Virtualising battery pack development through scalable multi-physics models
Vehicles and their sub-systems are complex; their development requires expertise from many different domains of science and technology. Global economic forces require a constant reduction in the time-to market and cost for a given functionality. Concurrently legislators and consumers drive a continuous reduction in energy consumption coupled with improvements in safety and comfort.
To answer these needs, more effective vehicle development processes are required. Modelling and simulation, through increased virtualization, are tools to achieve this effectivity. Simulation (“Virtual testing”) has earned its place in the automotive development process as a valuable complement to performing physical tests. These physical tests are often time-consuming, costly, and of limited use in the early stages of product development when hardware representative of the final design is not available.
Ricardo as part of the HI-FI ELEMENTS project are leading the work package responsible for the development of individual electric vehicle (EV) component sub-models. They are also working specifically on developing an integrated battery designpack toolchain, as part of this overall work package.
The goal of the project is to provide the following for OEMs and suppliers of EV technologies:
- Recommendations for standards: standard functional model interface specifications for various e-drive components, as well as standardised model metadata for third-party EV development cycle comparison
- Reductions in development and testing effort, by over 50%, with new streamlined workflows
- Decreases in vehicle energy consumption, by up to 20%, due to early system-level optimisation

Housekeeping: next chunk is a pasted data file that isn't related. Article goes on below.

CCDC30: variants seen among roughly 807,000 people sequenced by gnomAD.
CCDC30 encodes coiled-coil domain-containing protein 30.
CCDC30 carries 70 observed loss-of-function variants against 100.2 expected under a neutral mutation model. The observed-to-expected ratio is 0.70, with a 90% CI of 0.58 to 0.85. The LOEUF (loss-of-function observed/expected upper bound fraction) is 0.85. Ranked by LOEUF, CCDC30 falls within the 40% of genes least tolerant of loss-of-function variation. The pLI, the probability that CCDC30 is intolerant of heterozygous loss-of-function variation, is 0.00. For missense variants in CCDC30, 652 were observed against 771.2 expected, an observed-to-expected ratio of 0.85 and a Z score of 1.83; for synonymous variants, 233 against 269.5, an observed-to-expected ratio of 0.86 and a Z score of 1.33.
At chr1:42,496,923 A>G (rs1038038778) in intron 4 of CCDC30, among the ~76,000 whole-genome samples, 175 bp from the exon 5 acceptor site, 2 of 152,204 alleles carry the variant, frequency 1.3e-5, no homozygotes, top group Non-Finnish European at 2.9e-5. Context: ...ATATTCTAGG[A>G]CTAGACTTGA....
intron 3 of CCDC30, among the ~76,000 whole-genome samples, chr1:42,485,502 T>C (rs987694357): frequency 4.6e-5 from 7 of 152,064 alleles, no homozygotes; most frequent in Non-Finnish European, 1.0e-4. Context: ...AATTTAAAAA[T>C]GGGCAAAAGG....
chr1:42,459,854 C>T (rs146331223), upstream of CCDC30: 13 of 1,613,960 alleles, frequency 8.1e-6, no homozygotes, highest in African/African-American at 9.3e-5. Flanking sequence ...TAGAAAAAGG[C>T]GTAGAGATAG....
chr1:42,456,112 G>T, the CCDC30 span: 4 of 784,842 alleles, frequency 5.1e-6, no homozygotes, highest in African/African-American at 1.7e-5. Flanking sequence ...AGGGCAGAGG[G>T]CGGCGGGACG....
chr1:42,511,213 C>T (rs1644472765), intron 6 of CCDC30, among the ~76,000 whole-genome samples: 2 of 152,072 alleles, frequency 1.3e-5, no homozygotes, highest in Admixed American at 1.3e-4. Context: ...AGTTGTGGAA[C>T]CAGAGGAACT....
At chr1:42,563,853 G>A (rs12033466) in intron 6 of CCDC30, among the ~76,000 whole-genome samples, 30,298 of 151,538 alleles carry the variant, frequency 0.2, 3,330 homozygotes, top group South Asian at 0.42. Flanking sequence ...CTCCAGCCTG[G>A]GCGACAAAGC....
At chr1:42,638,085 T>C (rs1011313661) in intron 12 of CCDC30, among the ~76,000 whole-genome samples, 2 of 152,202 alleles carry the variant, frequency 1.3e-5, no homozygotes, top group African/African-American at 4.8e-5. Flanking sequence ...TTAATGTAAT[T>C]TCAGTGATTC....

- Increases in validation test coverage, up ten-fold, with the newly developed workflows.
The project will investigate and implement a streamlined workflow that makes the use of diverse modelling and simulation tools more efficient. The workflow will be conducive to model reuse, promote consistency between different models of the same physical component, and will require the developers working in the concept stages to consider the evolution of their models as the design matures.
Coupled with this workflow, a standard of functional model interfaces (FMI) will be proposed. Existing standards focus on the formulation of a formal interface format description under the assumption that the physical signals, data rates and data types have been defined. The proposed functional model interface standard - defining model boundaries, signals and data particulars - will add crucial elements towards the consistency and the seamless use of models during the vehicle development process.
This project has received funding from the European Union’s Horizon 2020 research and innovation programme under grant agreement no. 769935